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Oral history interview with Cleveland C. Cory [Sound Recording 02]

Tape 1, Side 2. The first part of this oral history interview with Cleveland Cory was conducted by George Fraser at Cory's home on the Willamette River on June 19, 1990. In this interview, Cory discusses his family background and early life in Englewood, New Jersey. He then discusses his college experience, including attending Yale Law School from 1940 to 1943. He then talks about working for the Davis and Polk law firm in New York, including representing Prince Edward, the Duke of Windsor, as well as various railroads. He then discusses relocating to Oregon in 1949 and his reasons for doing so, including seeking an improved quality of life and the difficulty of becoming a partner at a New York law firm. He talks about his career at a law firm in Portland, now known as Stoel Rives, including many of the cases he tried. He also briefly discusses his renowned memory for cases. The second part of the interview was recorded at the Crestview Convalescent Home in Portland, Oregon, where Cory was recovering from a broken shoulder. No date is given. The sound quality is very poor. Cory and Fraser further discuss Cory's early employment in Portland.

Cory, Cleveland C. (Cleveland Cady), 1918-1991

Oral history interview with Cleveland C. Cory [Sound Recording 03]

Tape 2, Side 1. The first part of this oral history interview with Cleveland Cory was conducted by George Fraser at Cory's home on the Willamette River on June 19, 1990. In this interview, Cory discusses his family background and early life in Englewood, New Jersey. He then discusses his college experience, including attending Yale Law School from 1940 to 1943. He then talks about working for the Davis and Polk law firm in New York, including representing Prince Edward, the Duke of Windsor, as well as various railroads. He then discusses relocating to Oregon in 1949 and his reasons for doing so, including seeking an improved quality of life and the difficulty of becoming a partner at a New York law firm. He talks about his career at a law firm in Portland, now known as Stoel Rives, including many of the cases he tried. He also briefly discusses his renowned memory for cases. The second part of the interview was recorded at the Crestview Convalescent Home in Portland, Oregon, where Cory was recovering from a broken shoulder. No date is given. The sound quality is very poor. Cory and Fraser further discuss Cory's early employment in Portland.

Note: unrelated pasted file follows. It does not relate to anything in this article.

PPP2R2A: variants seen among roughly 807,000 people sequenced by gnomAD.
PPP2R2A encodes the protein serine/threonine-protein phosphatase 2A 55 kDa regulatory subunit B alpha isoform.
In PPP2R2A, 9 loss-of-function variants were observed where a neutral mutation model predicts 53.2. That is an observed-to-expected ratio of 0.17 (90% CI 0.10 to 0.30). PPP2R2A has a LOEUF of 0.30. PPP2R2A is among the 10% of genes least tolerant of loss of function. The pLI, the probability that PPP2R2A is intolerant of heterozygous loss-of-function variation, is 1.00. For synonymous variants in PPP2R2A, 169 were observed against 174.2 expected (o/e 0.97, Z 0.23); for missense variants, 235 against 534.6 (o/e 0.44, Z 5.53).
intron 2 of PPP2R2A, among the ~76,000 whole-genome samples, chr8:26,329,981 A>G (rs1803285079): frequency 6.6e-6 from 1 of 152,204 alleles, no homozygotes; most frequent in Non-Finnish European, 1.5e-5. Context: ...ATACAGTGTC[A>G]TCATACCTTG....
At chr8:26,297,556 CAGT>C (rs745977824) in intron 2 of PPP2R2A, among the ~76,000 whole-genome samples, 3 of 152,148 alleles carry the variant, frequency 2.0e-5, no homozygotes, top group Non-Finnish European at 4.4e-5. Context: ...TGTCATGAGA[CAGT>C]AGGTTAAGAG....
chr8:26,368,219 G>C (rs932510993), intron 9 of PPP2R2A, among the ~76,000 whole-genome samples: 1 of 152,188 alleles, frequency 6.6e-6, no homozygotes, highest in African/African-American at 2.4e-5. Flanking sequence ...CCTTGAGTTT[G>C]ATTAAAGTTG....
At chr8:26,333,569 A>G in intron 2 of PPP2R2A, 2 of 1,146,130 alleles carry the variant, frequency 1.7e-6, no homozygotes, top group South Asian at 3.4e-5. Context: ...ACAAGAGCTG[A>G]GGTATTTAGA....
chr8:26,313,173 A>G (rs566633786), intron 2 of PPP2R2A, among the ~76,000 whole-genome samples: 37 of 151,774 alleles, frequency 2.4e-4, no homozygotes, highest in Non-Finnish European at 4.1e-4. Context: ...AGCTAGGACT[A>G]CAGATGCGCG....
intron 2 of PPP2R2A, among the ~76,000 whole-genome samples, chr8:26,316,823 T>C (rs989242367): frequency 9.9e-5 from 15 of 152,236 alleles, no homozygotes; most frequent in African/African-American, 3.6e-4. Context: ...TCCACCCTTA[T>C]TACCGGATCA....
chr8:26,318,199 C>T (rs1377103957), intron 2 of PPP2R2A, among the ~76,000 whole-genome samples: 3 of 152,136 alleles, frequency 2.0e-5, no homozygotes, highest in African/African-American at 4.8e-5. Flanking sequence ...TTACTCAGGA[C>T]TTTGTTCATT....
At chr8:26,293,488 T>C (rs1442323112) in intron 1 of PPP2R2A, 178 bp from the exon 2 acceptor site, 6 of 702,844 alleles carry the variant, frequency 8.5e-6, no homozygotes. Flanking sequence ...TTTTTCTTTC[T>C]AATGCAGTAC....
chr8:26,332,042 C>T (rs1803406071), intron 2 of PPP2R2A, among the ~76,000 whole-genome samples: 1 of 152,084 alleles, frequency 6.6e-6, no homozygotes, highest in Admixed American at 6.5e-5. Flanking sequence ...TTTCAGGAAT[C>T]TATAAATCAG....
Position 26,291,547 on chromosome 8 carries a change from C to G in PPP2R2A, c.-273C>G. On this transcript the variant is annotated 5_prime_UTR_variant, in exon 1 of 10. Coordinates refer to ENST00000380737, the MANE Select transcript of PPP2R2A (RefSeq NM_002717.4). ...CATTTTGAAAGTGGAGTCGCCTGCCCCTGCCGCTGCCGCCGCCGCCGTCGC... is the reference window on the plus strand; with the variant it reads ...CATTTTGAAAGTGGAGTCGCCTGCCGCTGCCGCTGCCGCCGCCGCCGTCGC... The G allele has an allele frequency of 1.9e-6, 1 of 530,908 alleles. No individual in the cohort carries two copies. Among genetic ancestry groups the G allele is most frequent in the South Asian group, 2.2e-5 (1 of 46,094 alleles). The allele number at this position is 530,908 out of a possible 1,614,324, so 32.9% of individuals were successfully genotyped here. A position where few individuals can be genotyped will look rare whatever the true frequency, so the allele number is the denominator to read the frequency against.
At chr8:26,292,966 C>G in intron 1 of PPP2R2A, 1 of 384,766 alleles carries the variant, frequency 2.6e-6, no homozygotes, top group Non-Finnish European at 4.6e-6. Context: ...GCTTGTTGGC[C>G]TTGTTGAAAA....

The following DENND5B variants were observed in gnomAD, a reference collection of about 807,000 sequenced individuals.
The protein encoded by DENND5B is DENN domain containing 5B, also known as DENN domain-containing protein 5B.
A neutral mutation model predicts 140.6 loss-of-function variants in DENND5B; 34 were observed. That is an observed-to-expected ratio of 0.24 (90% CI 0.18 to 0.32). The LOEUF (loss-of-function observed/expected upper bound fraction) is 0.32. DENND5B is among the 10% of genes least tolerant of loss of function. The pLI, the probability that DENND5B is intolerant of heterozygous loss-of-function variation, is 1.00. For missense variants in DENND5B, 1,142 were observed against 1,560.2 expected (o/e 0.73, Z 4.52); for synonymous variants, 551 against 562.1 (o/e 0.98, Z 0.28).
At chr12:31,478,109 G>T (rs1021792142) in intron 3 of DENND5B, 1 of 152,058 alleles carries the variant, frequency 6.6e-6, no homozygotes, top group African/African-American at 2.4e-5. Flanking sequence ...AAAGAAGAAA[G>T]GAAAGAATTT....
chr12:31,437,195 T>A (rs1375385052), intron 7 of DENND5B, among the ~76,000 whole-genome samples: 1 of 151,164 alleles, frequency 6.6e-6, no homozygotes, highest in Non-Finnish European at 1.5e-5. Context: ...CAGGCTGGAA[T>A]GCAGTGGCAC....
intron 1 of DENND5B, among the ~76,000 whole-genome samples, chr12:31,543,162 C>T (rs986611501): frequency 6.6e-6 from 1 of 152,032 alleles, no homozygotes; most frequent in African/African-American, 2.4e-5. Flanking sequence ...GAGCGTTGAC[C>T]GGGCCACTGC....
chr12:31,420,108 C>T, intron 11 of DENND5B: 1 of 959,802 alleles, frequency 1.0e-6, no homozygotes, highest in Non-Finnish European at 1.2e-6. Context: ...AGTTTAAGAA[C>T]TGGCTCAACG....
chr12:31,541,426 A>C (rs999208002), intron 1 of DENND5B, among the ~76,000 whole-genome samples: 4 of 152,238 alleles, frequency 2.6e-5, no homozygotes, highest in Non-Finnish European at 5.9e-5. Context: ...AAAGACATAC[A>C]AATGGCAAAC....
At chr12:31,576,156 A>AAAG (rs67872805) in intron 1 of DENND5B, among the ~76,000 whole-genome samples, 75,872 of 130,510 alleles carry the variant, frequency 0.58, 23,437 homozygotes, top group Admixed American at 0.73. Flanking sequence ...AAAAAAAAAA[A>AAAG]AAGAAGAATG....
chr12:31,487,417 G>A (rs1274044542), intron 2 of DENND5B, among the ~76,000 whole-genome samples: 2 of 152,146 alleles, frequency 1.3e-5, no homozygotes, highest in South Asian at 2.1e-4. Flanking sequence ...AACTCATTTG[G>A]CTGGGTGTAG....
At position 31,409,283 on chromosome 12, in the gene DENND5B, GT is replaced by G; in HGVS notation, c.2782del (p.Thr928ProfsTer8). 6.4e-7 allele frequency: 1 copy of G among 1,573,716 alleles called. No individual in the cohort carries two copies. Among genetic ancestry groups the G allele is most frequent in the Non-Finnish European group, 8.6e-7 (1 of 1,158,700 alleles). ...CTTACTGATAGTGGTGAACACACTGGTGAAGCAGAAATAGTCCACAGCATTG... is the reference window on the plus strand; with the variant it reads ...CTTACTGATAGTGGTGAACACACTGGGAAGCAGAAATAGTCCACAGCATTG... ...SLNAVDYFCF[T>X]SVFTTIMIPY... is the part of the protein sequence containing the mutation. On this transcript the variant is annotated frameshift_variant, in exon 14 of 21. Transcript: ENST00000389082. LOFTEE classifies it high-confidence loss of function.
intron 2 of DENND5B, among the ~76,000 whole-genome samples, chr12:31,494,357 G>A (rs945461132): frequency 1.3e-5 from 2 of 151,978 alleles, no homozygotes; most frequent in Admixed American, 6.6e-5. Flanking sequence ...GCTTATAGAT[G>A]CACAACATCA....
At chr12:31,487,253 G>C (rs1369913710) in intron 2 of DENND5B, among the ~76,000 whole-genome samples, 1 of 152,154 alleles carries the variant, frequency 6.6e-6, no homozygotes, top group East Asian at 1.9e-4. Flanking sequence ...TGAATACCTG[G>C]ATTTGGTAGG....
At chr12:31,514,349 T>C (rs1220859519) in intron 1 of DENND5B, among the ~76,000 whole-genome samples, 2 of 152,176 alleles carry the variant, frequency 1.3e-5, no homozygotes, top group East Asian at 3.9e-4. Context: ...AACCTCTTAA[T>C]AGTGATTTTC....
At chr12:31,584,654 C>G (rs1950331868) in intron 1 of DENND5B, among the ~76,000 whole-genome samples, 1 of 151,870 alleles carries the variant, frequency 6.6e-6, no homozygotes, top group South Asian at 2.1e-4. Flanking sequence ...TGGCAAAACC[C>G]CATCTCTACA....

Cory, Cleveland C. (Cleveland Cady), 1918-1991

Oral history interview with Cleveland C. Cory [Sound Recording 01]

Tape 1, Side 1. The first part of this oral history interview with Cleveland Cory was conducted by George Fraser at Cory's home on the Willamette River on June 19, 1990. In this interview, Cory discusses his family background and early life in Englewood, New Jersey. He then discusses his college experience, including attending Yale Law School from 1940 to 1943. He then talks about working for the Davis and Polk law firm in New York, including representing Prince Edward, the Duke of Windsor, as well as various railroads. He then discusses relocating to Oregon in 1949 and his reasons for doing so, including seeking an improved quality of life and the difficulty of becoming a partner at a New York law firm. He talks about his career at a law firm in Portland, now known as Stoel Rives, including many of the cases he tried. He also briefly discusses his renowned memory for cases. The second part of the interview was recorded at the Crestview Convalescent Home in Portland, Oregon, where Cory was recovering from a broken shoulder. No date is given. The sound quality is very poor. Cory and Fraser further discuss Cory's early employment in Portland.

Cory, Cleveland C. (Cleveland Cady), 1918-1991

Oral history interview with Lee Johnson [Sound Recording 03]